Sri Lanka has finally decided to lift the decades-long ban on women purchasing alcohol though consumption of liquor by women remains largely a taboo in the tiny island nation. Women aged 18 and above can now legally buy liquor in the country after amendment to a 1955 rule.
This also means women can now legally work in places where alcohol is served without any special approvals.
As per the earlier rule, "no liquor shall be sold or given to a woman within the premises of a tavern". This effectively prohibited women from either buying or being in possession of alcohol.
"Amended the schedule in the Excise Notification No 666 of the Gazette Extraordinary of 1979 to now allow females over 18 years to purchase alcohol legally & also to be employed in licensed premises without prior approval from the Excise Commissioner," wrote Sri Lanka's Finance Minister Mangala Samaraweera on Twitter.
Even though the earlier rule was hardly ever enforced, the change is seen as a welcome sign in the country located in the southern tip of India. In Sri Lanka, the majority women do not consume alcohol, not due to the ban, but mainly because of cultural and religious taboos surrounding the issue.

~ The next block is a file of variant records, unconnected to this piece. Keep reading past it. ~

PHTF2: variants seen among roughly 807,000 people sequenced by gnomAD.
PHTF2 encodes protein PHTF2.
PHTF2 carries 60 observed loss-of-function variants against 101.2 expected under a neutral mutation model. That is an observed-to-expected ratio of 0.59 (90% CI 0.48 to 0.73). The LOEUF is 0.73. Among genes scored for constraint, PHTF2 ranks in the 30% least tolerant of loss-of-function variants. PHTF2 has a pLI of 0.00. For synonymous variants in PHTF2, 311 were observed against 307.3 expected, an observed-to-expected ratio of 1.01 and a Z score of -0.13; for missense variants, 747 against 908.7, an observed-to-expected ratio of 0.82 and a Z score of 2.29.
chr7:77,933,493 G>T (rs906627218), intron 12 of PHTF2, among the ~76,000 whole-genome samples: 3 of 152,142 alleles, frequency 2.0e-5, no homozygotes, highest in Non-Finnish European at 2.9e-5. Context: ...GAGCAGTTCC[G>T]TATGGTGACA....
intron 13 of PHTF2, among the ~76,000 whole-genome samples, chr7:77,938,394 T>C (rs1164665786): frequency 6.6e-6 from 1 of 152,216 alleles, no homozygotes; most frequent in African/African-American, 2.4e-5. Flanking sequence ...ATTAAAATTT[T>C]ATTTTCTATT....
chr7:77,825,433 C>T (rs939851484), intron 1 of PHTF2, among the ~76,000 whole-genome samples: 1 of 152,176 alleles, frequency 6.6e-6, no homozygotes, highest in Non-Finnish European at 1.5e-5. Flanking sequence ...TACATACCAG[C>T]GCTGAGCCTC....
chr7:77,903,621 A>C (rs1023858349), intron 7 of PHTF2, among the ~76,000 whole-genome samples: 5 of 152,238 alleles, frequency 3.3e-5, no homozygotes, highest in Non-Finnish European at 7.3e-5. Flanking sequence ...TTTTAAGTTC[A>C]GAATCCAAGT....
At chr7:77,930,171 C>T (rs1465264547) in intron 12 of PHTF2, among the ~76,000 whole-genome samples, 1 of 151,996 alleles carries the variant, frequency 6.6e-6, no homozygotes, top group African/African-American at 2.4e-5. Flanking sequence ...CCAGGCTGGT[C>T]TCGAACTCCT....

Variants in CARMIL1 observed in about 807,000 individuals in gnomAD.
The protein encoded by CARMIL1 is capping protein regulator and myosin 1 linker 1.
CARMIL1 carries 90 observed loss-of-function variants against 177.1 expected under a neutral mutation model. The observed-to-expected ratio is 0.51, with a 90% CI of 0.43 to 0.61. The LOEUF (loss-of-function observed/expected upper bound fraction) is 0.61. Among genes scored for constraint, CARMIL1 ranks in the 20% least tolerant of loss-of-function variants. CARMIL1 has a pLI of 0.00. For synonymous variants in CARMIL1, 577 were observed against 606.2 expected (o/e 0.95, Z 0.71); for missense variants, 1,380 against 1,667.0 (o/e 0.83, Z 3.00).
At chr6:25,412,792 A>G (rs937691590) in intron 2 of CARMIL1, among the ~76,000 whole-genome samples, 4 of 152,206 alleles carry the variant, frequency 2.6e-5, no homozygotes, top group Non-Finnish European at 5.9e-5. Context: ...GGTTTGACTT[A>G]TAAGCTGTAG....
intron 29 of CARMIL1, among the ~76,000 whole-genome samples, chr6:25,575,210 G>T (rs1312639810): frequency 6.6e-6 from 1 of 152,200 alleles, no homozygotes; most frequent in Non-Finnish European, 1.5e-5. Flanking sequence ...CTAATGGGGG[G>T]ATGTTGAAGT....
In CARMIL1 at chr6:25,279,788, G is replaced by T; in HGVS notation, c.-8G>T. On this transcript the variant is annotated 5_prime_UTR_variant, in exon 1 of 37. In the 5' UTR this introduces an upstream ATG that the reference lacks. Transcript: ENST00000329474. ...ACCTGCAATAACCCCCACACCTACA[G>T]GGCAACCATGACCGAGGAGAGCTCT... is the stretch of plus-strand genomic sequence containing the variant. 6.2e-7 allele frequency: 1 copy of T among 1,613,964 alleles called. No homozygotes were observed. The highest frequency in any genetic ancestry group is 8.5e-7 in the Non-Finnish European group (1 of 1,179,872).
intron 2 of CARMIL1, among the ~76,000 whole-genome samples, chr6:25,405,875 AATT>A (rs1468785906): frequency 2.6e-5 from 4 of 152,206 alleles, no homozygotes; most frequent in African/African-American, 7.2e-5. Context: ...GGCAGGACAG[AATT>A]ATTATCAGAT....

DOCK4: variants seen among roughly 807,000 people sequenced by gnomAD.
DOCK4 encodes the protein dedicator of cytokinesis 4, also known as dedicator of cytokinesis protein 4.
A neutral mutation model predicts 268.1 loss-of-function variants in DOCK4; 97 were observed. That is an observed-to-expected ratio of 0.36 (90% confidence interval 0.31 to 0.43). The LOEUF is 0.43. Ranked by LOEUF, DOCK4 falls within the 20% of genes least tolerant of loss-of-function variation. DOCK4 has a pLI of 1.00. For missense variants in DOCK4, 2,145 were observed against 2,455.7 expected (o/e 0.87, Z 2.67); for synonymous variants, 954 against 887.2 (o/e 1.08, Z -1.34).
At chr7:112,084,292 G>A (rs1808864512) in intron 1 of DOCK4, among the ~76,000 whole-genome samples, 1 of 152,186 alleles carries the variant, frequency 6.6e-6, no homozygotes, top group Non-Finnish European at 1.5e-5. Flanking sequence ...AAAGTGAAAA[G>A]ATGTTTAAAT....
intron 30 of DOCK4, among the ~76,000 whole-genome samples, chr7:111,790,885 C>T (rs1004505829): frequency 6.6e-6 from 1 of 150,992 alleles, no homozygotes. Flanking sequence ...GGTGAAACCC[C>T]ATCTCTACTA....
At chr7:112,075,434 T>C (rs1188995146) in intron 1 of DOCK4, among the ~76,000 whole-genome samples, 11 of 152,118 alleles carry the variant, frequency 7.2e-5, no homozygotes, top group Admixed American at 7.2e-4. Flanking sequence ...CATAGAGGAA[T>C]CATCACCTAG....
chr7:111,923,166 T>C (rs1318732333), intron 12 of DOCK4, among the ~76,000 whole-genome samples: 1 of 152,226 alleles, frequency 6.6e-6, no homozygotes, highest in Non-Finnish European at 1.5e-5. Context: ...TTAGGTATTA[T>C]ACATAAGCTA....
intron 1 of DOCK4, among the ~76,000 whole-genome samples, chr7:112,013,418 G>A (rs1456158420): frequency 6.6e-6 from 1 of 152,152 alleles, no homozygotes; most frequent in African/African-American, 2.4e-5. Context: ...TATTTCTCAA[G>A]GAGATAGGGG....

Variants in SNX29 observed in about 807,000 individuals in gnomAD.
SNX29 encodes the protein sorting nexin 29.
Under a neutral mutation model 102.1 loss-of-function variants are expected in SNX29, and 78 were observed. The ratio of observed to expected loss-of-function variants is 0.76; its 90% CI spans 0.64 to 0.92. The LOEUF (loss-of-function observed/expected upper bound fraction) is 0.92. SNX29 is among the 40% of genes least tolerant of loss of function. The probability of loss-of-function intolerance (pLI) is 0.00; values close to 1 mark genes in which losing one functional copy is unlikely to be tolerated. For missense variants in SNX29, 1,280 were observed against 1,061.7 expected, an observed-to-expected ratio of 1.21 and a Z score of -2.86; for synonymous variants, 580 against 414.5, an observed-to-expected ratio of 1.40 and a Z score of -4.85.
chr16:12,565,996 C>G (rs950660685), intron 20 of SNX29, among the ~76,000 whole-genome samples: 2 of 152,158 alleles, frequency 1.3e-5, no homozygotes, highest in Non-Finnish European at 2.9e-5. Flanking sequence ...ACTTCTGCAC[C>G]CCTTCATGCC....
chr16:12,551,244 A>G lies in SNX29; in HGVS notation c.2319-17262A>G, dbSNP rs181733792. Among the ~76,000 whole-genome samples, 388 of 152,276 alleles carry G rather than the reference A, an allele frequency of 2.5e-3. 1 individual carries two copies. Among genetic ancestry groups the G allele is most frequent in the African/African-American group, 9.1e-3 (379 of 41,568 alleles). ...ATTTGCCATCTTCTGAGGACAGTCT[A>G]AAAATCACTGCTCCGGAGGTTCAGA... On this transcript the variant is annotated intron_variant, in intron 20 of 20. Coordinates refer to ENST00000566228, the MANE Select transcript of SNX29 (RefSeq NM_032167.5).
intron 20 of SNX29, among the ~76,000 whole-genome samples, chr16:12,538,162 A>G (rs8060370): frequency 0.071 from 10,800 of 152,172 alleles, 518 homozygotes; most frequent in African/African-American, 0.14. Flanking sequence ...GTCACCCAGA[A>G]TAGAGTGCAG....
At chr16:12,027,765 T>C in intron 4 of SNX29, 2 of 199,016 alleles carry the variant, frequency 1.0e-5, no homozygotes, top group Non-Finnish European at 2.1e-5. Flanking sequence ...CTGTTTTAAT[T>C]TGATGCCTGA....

Some have also expressed concerns that the withdrawal of the ban could lead to more women consuming alcohol. Two years ago, Sri Lankan President Maithripala Sirisena said the number of women consuming liquor has "drastically" risen in recent years.
"The fact that this colonial law has managed to make it until today is a disgrace. Most of the alcohol-related laws here are based on either outdated moral values or religious pressure; not on facts and figures," a spokesperson for the Movement of Clear and Transparent Liquor Policy, told Russia Today.
"Alcohol consumption is very low among local women mainly due to cultural restrictions. We encourage the government to take a more fact and figure based approach and amend outdated laws to regulate the industry."